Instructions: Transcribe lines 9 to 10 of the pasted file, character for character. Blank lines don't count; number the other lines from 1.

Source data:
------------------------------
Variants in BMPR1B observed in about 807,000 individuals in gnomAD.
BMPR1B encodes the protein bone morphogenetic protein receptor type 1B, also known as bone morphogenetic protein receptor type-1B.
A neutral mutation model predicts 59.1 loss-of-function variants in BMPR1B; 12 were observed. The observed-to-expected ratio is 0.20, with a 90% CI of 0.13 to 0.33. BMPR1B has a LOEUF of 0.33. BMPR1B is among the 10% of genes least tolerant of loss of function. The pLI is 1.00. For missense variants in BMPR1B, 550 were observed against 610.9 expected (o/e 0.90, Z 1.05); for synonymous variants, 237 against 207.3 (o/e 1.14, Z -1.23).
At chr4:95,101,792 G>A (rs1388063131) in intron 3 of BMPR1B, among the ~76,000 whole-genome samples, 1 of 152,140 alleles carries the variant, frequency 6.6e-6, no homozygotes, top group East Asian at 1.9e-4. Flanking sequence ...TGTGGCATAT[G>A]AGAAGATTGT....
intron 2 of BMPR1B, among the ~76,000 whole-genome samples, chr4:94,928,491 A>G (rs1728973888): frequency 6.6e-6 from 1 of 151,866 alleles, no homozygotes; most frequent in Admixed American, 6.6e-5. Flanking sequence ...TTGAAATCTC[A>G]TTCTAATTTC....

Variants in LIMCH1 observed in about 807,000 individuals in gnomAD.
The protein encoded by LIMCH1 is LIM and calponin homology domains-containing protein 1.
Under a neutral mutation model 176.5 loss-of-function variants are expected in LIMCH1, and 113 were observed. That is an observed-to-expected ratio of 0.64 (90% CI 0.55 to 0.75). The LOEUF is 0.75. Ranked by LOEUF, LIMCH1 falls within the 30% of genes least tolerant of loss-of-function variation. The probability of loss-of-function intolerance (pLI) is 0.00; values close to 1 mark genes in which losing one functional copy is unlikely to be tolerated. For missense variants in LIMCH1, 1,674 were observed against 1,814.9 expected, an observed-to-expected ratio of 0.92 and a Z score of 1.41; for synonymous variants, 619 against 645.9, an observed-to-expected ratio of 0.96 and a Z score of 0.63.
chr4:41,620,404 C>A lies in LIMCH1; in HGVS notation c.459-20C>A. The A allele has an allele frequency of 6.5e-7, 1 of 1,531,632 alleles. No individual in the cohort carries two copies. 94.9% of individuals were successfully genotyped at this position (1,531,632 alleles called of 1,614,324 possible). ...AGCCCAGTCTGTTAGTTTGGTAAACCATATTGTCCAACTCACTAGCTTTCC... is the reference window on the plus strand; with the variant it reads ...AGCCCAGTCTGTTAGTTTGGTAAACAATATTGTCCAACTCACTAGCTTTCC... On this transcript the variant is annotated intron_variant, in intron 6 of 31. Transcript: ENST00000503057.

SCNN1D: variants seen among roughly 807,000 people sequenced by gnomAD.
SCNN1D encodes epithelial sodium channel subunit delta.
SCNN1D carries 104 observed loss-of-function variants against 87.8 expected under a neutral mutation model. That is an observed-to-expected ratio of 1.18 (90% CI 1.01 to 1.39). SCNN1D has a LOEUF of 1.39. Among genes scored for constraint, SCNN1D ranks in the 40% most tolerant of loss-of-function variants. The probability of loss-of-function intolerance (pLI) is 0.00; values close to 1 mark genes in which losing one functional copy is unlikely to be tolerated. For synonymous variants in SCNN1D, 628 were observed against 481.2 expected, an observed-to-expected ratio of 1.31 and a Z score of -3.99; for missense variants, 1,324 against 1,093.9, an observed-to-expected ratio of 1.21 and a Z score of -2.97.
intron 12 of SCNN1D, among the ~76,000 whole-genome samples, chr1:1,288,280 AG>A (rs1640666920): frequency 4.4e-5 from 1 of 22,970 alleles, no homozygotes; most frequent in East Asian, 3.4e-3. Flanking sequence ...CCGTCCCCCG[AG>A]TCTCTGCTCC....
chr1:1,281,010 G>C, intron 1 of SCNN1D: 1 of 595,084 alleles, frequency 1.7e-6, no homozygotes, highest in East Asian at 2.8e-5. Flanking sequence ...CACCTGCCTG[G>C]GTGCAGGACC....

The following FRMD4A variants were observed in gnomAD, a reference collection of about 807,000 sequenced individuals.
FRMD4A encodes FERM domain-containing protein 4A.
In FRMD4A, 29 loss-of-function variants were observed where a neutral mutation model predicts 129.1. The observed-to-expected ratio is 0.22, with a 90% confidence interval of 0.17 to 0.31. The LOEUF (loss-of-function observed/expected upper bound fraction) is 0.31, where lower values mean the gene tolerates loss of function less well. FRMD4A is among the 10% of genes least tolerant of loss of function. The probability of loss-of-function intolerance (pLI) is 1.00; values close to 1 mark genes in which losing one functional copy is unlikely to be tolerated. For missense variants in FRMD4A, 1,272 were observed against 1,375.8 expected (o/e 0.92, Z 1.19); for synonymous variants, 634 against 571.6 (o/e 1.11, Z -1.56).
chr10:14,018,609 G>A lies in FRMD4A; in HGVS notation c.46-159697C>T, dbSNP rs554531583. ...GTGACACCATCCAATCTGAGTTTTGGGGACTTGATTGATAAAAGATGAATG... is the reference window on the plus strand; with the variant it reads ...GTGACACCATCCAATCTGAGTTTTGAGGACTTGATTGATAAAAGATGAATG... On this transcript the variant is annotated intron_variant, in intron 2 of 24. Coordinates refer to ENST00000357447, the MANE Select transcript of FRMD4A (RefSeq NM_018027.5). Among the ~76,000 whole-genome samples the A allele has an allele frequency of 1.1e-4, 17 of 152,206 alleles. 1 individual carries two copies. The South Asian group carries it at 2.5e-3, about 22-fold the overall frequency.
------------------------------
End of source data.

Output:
chr4:41,620,404 C>A lies in LIMCH1; in HGVS notation c.459-20C>A. The A allele has an allele frequency of 6.5e-7, 1 of 1,531,632 alleles. No individual in the cohort carries two copies. 94.9% of individuals were successfully genotyped at this position (1,531,632 alleles called of 1,614,324 possible). ...AGCCCAGTCTGTTAGTTTGGTAAACCATATTGTCCAACTCACTAGCTTTCC... is the reference window on the plus strand; with the variant it reads ...AGCCCAGTCTGTTAGTTTGGTAAACAATATTGTCCAACTCACTAGCTTTCC... On this transcript the variant is annotated intron_variant, in intron 6 of 31. Transcript: ENST00000503057.

SCNN1D: variants seen among roughly 807,000 people sequenced by gnomAD.